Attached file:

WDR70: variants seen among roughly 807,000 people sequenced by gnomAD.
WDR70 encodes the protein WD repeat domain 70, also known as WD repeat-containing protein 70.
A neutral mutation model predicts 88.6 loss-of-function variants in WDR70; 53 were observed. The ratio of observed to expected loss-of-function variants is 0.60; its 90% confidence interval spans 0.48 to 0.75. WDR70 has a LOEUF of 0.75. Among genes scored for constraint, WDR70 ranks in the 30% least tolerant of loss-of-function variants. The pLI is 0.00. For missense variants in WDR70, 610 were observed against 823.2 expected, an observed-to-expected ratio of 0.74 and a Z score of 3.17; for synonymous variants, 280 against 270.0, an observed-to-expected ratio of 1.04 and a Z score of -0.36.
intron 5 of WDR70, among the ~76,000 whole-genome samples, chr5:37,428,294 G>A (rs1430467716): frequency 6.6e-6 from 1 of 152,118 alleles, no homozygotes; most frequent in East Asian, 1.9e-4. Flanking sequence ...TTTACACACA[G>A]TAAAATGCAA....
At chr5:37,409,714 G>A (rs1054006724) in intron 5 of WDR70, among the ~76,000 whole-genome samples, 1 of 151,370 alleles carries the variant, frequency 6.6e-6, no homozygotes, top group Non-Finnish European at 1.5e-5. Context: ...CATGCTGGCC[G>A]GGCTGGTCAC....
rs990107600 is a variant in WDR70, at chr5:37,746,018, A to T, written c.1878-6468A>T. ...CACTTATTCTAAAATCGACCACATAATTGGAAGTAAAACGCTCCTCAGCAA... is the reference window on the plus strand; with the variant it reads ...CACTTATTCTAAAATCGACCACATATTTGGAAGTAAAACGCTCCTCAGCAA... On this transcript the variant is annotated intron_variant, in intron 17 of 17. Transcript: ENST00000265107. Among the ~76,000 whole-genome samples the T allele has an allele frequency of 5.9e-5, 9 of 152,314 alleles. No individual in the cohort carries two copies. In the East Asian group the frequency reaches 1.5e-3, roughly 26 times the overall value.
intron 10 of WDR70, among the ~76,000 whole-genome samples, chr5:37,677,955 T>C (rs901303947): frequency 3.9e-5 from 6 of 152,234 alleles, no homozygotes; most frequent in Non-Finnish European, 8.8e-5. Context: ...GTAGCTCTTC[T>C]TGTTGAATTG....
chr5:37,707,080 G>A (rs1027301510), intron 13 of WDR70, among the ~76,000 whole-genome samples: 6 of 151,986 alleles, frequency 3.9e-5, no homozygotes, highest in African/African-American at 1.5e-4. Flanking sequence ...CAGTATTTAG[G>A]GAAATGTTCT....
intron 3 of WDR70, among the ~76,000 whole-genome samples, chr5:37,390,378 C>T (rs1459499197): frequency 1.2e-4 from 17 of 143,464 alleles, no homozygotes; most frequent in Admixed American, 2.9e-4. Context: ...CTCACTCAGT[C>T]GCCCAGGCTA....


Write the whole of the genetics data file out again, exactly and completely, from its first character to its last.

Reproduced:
WDR70: variants seen among roughly 807,000 people sequenced by gnomAD.
WDR70 encodes the protein WD repeat domain 70, also known as WD repeat-containing protein 70.
A neutral mutation model predicts 88.6 loss-of-function variants in WDR70; 53 were observed. The ratio of observed to expected loss-of-function variants is 0.60; its 90% confidence interval spans 0.48 to 0.75. WDR70 has a LOEUF of 0.75. Among genes scored for constraint, WDR70 ranks in the 30% least tolerant of loss-of-function variants. The pLI is 0.00. For missense variants in WDR70, 610 were observed against 823.2 expected, an observed-to-expected ratio of 0.74 and a Z score of 3.17; for synonymous variants, 280 against 270.0, an observed-to-expected ratio of 1.04 and a Z score of -0.36.
intron 5 of WDR70, among the ~76,000 whole-genome samples, chr5:37,428,294 G>A (rs1430467716): frequency 6.6e-6 from 1 of 152,118 alleles, no homozygotes; most frequent in East Asian, 1.9e-4. Flanking sequence ...TTTACACACA[G>A]TAAAATGCAA....
At chr5:37,409,714 G>A (rs1054006724) in intron 5 of WDR70, among the ~76,000 whole-genome samples, 1 of 151,370 alleles carries the variant, frequency 6.6e-6, no homozygotes, top group Non-Finnish European at 1.5e-5. Context: ...CATGCTGGCC[G>A]GGCTGGTCAC....
rs990107600 is a variant in WDR70, at chr5:37,746,018, A to T, written c.1878-6468A>T. ...CACTTATTCTAAAATCGACCACATAATTGGAAGTAAAACGCTCCTCAGCAA... is the reference window on the plus strand; with the variant it reads ...CACTTATTCTAAAATCGACCACATATTTGGAAGTAAAACGCTCCTCAGCAA... On this transcript the variant is annotated intron_variant, in intron 17 of 17. Transcript: ENST00000265107. Among the ~76,000 whole-genome samples the T allele has an allele frequency of 5.9e-5, 9 of 152,314 alleles. No individual in the cohort carries two copies. In the East Asian group the frequency reaches 1.5e-3, roughly 26 times the overall value.
intron 10 of WDR70, among the ~76,000 whole-genome samples, chr5:37,677,955 T>C (rs901303947): frequency 3.9e-5 from 6 of 152,234 alleles, no homozygotes; most frequent in Non-Finnish European, 8.8e-5. Context: ...GTAGCTCTTC[T>C]TGTTGAATTG....
chr5:37,707,080 G>A (rs1027301510), intron 13 of WDR70, among the ~76,000 whole-genome samples: 6 of 151,986 alleles, frequency 3.9e-5, no homozygotes, highest in African/African-American at 1.5e-4. Flanking sequence ...CAGTATTTAG[G>A]GAAATGTTCT....
intron 3 of WDR70, among the ~76,000 whole-genome samples, chr5:37,390,378 C>T (rs1459499197): frequency 1.2e-4 from 17 of 143,464 alleles, no homozygotes; most frequent in Admixed American, 2.9e-4. Context: ...CTCACTCAGT[C>T]GCCCAGGCTA....